Horns are used to not make art alone but are also used to make a type of natural fertilizer for plants. Since chemicals are known to be harmful, the farmers here prefer to use this natural type of fertilizer thus creating a market and encouraging its industries.

Sambhal also makes artifacts from wood, metal, coconut and bronze. Intricately carved wooden furniture is one of the city’s most famous of artworks.

The handloom industry is also quite renowned here and women are employed in clusters to mass produce calico printed apparel and clothing.

Oil and Medicine Trade in Sambhal

Sambhal is one of the largest producers of Mentha or Menthol oil in India. It’s a big business and several manufacturers have industries set up that extract and manufacture oil from the Mentha or spearmint plant. This oil is mostly used for therapeutic purposes and is also available in essential oil form. These oils are used in perfumes and medicines and exported to other countries all over the world.

Sambhal is also famous for its unani medicine. Several hakims prepare traditional medicines using tried and tested age old ingredients and these medicines have a big customer base in foreign countries and are therefore exported. They are renowned for their unparalleled expertise and for creating treatments for conditions that even modern medicine does not have an answer to.

Festivals in Sambhal

Since Sambhal is heavily populated with muslims who constitute 70% of the total population, muslim festivals are celebrated with much fervor. During Muharram, the entire town comes alive and participates in the azadari where religious gatherings and processions are organized and all people irrespective of religion, caste and creed take part.

As was mentioned earlier, the Dhwaja and Neza festivals are also celebrated with equal enthusiasm every year by the locals.

Tourist Places in Sambhal

Kalki Mandir in Sambhal

  • Sambhal is rich in history and the various rulers who once ruled this land have left behind quite a bit of monuments which have now turned into tourist attractions. Temples in Sambhal are very popular and each one has a certain degree of history attached to it. The tourist spots are as follows.
  • Kalki Vishnu Mandir-The sri kalki vishnu mandir present in Sambhli is said to be the only such temple in India that is dedicated to the last incarnation of lord Vishnu. Several devotees flock to this temple every year as they believe that lord Vishnu will be born here at the end of this current era known as Kalyug.
  • Surajkund Temple
  • Manokamna Temple-Contains Baba Mani Ram’s Samadhi
  • Old Forts
  • Kali Mandir
  • Chamunda Mata Mandir
  • Jama Masjid-This mosque was built by MirHindu Beg in 1528 and was commissioned by Babar himself and is said to be the first mosque to have been built by him. He is also said to have placed the first foundation stone of this mosque. The mosque is a architectural masterpiece.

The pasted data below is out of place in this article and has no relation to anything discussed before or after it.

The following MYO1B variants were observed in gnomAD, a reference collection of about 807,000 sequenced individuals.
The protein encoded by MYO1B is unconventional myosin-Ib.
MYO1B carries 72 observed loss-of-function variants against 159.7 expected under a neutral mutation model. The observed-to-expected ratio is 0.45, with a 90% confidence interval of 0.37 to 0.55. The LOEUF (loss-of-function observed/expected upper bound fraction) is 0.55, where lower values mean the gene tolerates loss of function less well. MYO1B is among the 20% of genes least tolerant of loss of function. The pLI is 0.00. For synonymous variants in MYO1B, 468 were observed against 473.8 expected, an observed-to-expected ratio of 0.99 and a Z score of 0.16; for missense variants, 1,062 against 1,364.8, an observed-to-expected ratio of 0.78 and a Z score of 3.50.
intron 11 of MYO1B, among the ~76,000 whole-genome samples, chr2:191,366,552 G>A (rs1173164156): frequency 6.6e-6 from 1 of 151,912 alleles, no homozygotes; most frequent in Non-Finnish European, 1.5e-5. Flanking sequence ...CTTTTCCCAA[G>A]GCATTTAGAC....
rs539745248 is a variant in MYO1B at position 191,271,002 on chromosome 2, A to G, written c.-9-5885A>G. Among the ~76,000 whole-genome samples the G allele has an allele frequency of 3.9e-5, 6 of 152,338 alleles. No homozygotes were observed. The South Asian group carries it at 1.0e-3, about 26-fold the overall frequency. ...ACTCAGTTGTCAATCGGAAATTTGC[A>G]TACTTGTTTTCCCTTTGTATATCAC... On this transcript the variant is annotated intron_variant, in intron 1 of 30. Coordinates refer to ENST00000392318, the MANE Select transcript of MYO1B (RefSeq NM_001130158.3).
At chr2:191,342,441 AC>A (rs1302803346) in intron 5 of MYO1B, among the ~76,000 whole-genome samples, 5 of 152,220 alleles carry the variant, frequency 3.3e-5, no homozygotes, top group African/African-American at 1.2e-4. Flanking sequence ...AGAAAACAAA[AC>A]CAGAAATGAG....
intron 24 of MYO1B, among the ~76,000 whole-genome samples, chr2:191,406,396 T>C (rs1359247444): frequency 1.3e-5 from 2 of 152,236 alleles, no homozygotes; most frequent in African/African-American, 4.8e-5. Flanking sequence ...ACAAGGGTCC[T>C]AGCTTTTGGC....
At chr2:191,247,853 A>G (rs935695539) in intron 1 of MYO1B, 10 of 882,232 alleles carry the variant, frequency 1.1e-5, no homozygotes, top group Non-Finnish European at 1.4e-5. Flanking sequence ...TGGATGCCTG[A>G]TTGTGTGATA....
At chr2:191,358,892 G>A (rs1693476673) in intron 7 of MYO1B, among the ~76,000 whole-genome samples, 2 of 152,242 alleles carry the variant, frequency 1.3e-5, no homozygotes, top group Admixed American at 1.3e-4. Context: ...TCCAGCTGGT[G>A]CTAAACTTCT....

• Tota maina kabr-This famous tourist spot is enshrouded in mystery. It is an unoccupied tomb that has calligraphy present on it and is popularly known as the Tota Maina Kabr. Many historians have failed to know of its real origins and who was responsible for it.
  • Pond (talab) in Miyan Sarai
  • Chakki ka paat-Chakki ka paat refers to stone grinder that was used in the olden days to grind foods and was the only method available before the advent of modern dar grinders. These instruments are generally extremely heavy as they are made entirely of stone and require a lot of effort to be lifted. But one acrobat from Sambhal who is known as Nut, is said to have jumped high with the chakki ka paat in his hands and placed it at a height of 50 feet above ground level

Geography of Sambhal

Sambhal lies to the North West (upper left corner) of Uttar Pradesh and South West of Moradabad. It is 158 Kms from Delhi and 349 Kms from Lucknow. Sambhal’s soil is extremely suitable for the mint plant and thus they specialize in growing these plants with spearmint being extensively grown in order to extract its oil.

Climate in Sambhal

Sambhal has tropical climate where temperatures can reach as high as 35 degrees in summers. Average summer temperature is 32 degrees and is at its peak in the month of April. Winters here can be especially chilly with temperatures reaching as low as 7 degrees celsius. Average winter temperature here is 8 degrees which is common during the month of December.

Sambhal receives average rainfall throughout the year with heavy rains occurring in the month of August with average rainfall being 200mm.

How to reach Sambhal

Map of SambhalSambhal can be reached by means of road from Delhi and Lucknow. Moradabad airport can be utilized to first reach Moradabad and then its a 45 minute road journey to Sambhal. Indira Gandhi International airport-Delhi is the closest international airport. Flights from major metropolis operate to and from Moradabad.

Basic data of the town of Sambhal

Time zone:IST
Area:16 km²
Elevation:193 m (633 ft)
Population:221,334 (2011 Census)
Density:Density:14,109.5 inh./sq.km
Official Languages-Hindi and Urdu.

• Pincode-244302
• Telephone-+91 5923
• Vehicle-UP38